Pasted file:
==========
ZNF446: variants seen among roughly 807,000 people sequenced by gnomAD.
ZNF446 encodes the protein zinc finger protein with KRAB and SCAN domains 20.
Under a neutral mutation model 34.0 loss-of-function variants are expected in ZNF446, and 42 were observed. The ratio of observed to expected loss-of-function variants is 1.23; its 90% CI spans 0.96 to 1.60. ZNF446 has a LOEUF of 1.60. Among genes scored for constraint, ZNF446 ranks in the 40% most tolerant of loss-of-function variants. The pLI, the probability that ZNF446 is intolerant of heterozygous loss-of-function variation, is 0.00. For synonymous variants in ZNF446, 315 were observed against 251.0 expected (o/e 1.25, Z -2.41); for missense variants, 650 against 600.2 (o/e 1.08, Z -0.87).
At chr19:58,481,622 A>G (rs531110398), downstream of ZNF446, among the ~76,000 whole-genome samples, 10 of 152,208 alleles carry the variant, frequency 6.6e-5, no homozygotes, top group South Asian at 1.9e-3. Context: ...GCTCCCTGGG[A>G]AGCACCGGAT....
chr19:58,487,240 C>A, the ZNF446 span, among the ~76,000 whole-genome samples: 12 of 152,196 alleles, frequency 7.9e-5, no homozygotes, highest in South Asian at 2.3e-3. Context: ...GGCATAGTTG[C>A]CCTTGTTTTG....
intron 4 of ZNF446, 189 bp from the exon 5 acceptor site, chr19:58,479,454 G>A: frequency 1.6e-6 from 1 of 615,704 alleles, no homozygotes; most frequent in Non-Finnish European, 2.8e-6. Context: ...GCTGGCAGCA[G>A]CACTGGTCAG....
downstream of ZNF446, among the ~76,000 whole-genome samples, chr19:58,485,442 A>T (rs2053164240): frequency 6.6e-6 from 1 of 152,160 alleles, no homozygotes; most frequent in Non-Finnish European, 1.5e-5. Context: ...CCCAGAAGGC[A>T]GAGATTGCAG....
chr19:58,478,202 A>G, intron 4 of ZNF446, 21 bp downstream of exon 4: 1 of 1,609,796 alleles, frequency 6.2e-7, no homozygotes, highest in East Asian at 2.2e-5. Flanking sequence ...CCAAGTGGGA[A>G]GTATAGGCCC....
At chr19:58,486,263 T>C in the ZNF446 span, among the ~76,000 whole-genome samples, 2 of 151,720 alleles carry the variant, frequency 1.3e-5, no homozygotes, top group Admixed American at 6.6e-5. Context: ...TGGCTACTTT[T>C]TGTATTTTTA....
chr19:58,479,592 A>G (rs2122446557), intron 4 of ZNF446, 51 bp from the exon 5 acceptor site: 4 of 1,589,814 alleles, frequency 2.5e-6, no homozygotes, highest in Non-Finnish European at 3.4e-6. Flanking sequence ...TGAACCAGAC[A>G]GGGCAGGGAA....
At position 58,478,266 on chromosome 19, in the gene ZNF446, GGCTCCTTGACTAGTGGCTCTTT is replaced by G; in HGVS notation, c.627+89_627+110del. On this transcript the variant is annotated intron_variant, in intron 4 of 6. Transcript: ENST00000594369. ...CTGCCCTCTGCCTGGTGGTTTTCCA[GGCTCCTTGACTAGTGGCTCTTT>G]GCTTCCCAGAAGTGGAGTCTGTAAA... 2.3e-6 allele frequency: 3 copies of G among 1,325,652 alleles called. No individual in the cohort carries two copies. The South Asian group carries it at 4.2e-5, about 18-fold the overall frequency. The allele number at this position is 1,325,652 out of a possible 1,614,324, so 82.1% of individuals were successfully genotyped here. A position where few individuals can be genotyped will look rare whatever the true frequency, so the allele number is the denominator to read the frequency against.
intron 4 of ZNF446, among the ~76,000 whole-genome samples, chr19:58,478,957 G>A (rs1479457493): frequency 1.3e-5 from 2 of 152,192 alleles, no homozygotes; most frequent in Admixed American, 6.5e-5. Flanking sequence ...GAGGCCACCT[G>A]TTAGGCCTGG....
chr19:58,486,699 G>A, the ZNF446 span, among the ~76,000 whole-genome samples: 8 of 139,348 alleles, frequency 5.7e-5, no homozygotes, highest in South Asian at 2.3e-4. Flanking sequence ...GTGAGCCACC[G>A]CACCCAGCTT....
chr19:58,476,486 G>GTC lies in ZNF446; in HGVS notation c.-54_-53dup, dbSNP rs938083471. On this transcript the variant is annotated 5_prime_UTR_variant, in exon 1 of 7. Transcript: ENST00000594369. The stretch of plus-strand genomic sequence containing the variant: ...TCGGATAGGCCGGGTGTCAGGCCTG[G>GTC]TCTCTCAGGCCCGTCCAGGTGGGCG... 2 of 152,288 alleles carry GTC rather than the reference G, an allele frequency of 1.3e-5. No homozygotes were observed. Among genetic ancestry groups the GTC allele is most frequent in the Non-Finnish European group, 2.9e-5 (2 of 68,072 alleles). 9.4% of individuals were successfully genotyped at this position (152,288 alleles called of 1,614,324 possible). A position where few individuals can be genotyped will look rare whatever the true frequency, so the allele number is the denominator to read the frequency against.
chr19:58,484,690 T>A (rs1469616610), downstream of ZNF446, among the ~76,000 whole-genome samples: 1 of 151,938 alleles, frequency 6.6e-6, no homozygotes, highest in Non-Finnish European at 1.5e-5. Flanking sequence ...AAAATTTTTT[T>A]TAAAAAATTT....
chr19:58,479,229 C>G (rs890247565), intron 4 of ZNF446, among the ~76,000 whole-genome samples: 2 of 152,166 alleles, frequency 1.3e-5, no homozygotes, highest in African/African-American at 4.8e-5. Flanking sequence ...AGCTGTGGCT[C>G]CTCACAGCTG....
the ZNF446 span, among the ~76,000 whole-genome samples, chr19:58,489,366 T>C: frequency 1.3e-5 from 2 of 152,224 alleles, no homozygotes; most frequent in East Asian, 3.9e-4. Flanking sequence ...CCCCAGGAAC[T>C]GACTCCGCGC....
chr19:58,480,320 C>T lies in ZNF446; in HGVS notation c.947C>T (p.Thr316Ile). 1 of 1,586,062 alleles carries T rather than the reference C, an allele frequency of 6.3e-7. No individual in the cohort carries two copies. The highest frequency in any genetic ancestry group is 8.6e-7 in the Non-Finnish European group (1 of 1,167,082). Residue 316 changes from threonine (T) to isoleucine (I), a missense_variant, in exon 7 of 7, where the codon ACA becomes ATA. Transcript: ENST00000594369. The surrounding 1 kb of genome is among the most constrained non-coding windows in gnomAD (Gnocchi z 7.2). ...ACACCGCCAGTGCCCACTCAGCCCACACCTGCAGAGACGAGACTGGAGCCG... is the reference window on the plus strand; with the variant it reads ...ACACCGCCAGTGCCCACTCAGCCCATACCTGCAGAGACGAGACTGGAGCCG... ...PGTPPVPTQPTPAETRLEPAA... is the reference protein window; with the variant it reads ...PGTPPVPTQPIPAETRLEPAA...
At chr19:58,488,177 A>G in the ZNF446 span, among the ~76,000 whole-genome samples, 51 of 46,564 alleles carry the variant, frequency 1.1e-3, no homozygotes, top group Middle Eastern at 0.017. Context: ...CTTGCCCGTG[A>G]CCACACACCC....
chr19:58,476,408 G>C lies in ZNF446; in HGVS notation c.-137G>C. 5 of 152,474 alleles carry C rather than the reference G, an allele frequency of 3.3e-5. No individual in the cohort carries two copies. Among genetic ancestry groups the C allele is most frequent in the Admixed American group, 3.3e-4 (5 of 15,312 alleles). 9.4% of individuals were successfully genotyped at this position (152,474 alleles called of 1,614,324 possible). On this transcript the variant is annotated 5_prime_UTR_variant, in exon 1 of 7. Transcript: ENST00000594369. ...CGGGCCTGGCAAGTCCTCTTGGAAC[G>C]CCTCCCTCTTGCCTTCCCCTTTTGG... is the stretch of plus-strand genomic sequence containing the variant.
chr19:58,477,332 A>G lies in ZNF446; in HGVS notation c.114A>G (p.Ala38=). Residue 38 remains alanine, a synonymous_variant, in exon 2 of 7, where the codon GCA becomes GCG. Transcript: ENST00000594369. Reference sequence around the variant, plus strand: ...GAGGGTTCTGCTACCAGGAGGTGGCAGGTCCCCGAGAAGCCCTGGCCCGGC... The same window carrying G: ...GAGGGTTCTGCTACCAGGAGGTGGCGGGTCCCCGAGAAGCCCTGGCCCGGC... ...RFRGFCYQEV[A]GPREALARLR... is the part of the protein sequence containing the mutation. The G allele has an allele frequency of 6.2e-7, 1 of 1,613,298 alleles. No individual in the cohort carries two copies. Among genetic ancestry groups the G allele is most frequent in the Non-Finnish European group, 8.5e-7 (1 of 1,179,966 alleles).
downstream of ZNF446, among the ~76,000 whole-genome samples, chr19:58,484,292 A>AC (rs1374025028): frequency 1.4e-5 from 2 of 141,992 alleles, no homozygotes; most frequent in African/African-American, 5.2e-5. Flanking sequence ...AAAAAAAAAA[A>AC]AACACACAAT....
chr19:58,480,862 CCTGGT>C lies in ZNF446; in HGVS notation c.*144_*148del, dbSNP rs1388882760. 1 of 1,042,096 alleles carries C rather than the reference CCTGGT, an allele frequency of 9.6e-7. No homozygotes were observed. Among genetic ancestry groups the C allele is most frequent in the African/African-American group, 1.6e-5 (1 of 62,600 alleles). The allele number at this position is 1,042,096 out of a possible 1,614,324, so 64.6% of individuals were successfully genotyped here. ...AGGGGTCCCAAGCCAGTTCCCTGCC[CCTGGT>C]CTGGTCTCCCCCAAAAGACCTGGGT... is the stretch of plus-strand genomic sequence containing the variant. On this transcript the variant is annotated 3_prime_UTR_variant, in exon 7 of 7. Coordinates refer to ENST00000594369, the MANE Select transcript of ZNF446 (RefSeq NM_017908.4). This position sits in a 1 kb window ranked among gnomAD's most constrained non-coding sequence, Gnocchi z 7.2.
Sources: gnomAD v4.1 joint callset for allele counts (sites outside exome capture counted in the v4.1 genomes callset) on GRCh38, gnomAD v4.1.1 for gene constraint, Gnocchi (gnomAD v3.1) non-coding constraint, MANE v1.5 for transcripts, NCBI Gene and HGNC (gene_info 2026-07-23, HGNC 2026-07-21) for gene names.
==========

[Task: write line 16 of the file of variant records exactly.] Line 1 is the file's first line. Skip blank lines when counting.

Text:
chr19:58,479,229 C>G (rs890247565), intron 4 of ZNF446, among the ~76,000 whole-genome samples: 2 of 152,166 alleles, frequency 1.3e-5, no homozygotes, highest in African/African-American at 4.8e-5. Flanking sequence ...AGCTGTGGCT[C>G]CTCACAGCTG....